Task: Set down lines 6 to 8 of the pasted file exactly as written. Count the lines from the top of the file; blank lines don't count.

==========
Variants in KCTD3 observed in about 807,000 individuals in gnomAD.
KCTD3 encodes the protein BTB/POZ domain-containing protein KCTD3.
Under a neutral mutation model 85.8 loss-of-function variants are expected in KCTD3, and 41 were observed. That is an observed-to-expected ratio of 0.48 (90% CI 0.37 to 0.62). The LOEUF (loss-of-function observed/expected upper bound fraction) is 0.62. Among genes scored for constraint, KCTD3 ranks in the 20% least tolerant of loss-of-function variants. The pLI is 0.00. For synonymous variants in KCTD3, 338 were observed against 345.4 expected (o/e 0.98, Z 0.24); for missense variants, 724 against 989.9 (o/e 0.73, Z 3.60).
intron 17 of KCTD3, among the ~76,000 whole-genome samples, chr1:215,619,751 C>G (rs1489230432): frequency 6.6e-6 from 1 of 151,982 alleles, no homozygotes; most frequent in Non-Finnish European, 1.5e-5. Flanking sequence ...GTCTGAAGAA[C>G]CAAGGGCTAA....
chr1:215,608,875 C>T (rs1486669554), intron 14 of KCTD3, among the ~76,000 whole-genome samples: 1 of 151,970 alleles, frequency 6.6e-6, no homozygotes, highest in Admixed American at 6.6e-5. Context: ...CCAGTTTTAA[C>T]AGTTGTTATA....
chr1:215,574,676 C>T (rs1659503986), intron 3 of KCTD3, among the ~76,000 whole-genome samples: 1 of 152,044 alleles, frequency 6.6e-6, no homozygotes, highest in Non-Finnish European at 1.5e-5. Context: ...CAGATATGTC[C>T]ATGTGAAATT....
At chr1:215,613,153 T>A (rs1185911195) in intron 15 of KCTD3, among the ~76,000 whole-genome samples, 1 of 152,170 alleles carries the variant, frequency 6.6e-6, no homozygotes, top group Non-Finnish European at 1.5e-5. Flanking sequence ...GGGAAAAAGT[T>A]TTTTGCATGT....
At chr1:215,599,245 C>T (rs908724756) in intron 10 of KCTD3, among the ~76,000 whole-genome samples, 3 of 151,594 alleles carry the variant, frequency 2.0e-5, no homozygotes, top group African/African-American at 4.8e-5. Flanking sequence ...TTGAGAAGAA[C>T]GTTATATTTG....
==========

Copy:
chr1:215,574,676 C>T (rs1659503986), intron 3 of KCTD3, among the ~76,000 whole-genome samples: 1 of 152,044 alleles, frequency 6.6e-6, no homozygotes, highest in Non-Finnish European at 1.5e-5. Context: ...CAGATATGTC[C>T]ATGTGAAATT....
At chr1:215,613,153 T>A (rs1185911195) in intron 15 of KCTD3, among the ~76,000 whole-genome samples, 1 of 152,170 alleles carries the variant, frequency 6.6e-6, no homozygotes, top group Non-Finnish European at 1.5e-5. Flanking sequence ...GGGAAAAAGT[T>A]TTTTGCATGT....
At chr1:215,599,245 C>T (rs908724756) in intron 10 of KCTD3, among the ~76,000 whole-genome samples, 3 of 151,594 alleles carry the variant, frequency 2.0e-5, no homozygotes, top group African/African-American at 4.8e-5. Flanking sequence ...TTGAGAAGAA[C>T]GTTATATTTG....